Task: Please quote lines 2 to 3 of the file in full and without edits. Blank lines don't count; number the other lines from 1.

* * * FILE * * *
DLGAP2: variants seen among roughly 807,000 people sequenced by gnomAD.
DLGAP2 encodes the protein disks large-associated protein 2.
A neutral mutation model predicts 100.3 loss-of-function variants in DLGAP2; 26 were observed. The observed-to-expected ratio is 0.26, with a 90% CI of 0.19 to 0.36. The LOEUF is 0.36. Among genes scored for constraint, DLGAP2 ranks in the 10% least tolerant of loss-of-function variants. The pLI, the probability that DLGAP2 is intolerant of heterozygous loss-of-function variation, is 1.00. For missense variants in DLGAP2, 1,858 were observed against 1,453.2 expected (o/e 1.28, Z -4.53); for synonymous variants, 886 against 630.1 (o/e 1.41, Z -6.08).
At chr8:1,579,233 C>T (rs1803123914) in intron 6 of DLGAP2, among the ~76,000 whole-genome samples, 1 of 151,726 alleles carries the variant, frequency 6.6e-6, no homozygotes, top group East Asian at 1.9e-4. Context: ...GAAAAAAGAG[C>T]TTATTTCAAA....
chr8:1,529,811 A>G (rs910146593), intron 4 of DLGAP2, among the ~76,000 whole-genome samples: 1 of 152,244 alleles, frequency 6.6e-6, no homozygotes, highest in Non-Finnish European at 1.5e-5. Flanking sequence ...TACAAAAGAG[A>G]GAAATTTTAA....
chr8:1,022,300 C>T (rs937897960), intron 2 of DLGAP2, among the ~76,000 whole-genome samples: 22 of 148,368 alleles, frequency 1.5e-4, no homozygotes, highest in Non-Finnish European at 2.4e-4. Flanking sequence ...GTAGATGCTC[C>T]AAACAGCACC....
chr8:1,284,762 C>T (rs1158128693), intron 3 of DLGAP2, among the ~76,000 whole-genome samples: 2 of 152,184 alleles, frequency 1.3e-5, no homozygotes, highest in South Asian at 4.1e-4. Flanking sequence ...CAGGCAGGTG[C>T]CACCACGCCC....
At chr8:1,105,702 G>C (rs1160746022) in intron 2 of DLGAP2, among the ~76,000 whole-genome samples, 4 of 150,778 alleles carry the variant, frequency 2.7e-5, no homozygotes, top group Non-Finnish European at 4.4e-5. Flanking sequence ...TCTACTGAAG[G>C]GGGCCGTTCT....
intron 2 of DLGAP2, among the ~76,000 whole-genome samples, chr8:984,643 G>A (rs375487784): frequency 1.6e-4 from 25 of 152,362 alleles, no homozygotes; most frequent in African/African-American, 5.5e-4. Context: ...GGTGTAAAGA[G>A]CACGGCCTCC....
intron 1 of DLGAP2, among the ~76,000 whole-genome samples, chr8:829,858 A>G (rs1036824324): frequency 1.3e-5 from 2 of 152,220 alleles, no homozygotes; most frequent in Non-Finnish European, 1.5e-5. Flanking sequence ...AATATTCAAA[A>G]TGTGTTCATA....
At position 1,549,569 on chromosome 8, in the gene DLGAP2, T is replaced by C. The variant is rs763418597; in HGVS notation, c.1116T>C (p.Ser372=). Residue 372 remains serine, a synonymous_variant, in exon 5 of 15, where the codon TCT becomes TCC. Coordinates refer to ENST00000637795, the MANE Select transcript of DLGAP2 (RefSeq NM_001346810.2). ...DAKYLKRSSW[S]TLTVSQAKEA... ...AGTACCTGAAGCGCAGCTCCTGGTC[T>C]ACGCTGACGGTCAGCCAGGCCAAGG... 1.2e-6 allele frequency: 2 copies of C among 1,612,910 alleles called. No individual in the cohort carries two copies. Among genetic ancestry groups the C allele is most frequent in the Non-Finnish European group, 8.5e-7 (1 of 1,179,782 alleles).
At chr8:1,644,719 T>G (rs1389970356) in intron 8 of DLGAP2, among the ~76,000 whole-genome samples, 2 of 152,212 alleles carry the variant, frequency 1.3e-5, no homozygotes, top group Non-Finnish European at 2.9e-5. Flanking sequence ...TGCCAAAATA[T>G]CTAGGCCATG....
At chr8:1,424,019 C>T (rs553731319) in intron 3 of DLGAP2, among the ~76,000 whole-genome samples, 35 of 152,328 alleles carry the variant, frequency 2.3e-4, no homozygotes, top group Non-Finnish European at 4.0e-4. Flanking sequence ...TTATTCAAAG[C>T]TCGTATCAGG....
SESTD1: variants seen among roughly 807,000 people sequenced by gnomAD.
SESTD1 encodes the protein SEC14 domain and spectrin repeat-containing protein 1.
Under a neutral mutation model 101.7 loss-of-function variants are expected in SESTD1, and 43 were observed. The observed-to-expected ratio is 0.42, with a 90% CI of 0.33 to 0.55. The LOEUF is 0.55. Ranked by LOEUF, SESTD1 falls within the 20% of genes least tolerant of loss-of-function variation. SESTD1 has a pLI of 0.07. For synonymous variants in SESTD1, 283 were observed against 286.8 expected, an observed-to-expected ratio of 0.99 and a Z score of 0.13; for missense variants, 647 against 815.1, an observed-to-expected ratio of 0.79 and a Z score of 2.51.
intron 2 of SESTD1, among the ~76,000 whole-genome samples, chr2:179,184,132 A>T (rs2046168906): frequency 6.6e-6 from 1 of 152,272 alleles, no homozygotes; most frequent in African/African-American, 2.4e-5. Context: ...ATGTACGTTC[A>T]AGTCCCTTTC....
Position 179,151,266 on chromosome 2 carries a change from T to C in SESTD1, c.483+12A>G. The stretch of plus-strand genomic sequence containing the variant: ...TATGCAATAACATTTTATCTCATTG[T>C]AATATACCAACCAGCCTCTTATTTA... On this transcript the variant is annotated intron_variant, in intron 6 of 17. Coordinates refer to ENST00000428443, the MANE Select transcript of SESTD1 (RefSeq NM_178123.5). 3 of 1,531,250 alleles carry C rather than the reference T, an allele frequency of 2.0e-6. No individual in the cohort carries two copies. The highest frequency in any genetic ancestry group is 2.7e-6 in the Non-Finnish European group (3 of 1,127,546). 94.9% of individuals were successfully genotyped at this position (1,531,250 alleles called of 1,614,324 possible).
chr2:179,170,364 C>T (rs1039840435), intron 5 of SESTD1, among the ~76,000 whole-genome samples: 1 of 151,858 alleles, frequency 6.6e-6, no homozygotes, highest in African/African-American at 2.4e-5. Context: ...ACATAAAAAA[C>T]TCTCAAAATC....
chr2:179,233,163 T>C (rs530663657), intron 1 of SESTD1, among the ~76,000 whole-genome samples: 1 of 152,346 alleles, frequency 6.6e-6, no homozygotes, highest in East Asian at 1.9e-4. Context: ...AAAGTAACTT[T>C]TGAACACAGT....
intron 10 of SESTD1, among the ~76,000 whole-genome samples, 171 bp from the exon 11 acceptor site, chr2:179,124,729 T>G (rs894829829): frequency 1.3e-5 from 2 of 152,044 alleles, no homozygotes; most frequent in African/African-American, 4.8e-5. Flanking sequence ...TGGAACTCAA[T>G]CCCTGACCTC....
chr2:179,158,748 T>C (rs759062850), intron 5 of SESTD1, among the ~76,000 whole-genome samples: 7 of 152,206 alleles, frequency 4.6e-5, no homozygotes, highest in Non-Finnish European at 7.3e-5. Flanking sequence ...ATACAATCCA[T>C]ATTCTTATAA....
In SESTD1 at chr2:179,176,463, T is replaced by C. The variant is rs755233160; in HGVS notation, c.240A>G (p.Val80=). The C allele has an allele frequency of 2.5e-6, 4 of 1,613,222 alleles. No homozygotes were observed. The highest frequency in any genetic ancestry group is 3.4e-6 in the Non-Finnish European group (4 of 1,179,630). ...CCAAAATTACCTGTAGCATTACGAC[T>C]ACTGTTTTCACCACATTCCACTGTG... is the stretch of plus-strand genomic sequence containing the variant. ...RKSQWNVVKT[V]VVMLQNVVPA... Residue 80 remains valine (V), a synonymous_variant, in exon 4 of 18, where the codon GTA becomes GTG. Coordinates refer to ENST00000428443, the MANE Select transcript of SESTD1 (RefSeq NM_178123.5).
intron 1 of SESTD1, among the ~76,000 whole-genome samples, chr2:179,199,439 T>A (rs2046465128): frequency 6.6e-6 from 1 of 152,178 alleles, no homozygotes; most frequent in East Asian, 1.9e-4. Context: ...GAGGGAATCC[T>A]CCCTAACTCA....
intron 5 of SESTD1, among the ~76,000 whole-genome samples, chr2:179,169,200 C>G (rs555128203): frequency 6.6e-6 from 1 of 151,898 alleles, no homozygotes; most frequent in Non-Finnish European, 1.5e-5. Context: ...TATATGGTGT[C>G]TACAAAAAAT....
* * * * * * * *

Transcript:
DLGAP2 encodes the protein disks large-associated protein 2.
A neutral mutation model predicts 100.3 loss-of-function variants in DLGAP2; 26 were observed. The observed-to-expected ratio is 0.26, with a 90% CI of 0.19 to 0.36. The LOEUF is 0.36. Among genes scored for constraint, DLGAP2 ranks in the 10% least tolerant of loss-of-function variants. The pLI, the probability that DLGAP2 is intolerant of heterozygous loss-of-function variation, is 1.00. For missense variants in DLGAP2, 1,858 were observed against 1,453.2 expected (o/e 1.28, Z -4.53); for synonymous variants, 886 against 630.1 (o/e 1.41, Z -6.08).